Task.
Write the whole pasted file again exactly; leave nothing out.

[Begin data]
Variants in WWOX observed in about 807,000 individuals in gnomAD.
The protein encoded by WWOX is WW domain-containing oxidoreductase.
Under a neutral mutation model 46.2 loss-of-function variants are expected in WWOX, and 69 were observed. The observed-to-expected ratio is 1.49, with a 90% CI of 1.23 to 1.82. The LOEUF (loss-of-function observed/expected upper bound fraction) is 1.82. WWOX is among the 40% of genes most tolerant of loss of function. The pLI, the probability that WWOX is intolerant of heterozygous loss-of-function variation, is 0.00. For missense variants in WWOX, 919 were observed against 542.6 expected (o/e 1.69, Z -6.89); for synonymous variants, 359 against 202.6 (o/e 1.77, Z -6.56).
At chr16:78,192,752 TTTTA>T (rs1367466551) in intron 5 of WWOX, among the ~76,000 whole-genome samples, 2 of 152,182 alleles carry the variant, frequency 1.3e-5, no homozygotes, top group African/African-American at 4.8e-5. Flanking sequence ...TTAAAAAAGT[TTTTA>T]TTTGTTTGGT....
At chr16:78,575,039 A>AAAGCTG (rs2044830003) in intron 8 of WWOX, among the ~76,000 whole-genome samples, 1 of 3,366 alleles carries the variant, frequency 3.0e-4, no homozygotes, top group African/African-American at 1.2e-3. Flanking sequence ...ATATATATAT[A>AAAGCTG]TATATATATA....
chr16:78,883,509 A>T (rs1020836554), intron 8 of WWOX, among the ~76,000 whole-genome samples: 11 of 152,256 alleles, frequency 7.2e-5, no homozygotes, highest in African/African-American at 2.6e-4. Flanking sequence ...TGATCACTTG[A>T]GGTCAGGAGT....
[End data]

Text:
Variants in WWOX observed in about 807,000 individuals in gnomAD.
The protein encoded by WWOX is WW domain-containing oxidoreductase.
Under a neutral mutation model 46.2 loss-of-function variants are expected in WWOX, and 69 were observed. The observed-to-expected ratio is 1.49, with a 90% CI of 1.23 to 1.82. The LOEUF (loss-of-function observed/expected upper bound fraction) is 1.82. WWOX is among the 40% of genes most tolerant of loss of function. The pLI, the probability that WWOX is intolerant of heterozygous loss-of-function variation, is 0.00. For missense variants in WWOX, 919 were observed against 542.6 expected (o/e 1.69, Z -6.89); for synonymous variants, 359 against 202.6 (o/e 1.77, Z -6.56).
At chr16:78,192,752 TTTTA>T (rs1367466551) in intron 5 of WWOX, among the ~76,000 whole-genome samples, 2 of 152,182 alleles carry the variant, frequency 1.3e-5, no homozygotes, top group African/African-American at 4.8e-5. Flanking sequence ...TTAAAAAAGT[TTTTA>T]TTTGTTTGGT....
At chr16:78,575,039 A>AAAGCTG (rs2044830003) in intron 8 of WWOX, among the ~76,000 whole-genome samples, 1 of 3,366 alleles carries the variant, frequency 3.0e-4, no homozygotes, top group African/African-American at 1.2e-3. Flanking sequence ...ATATATATAT[A>AAAGCTG]TATATATATA....
chr16:78,883,509 A>T (rs1020836554), intron 8 of WWOX, among the ~76,000 whole-genome samples: 11 of 152,256 alleles, frequency 7.2e-5, no homozygotes, highest in African/African-American at 2.6e-4. Flanking sequence ...TGATCACTTG[A>T]GGTCAGGAGT....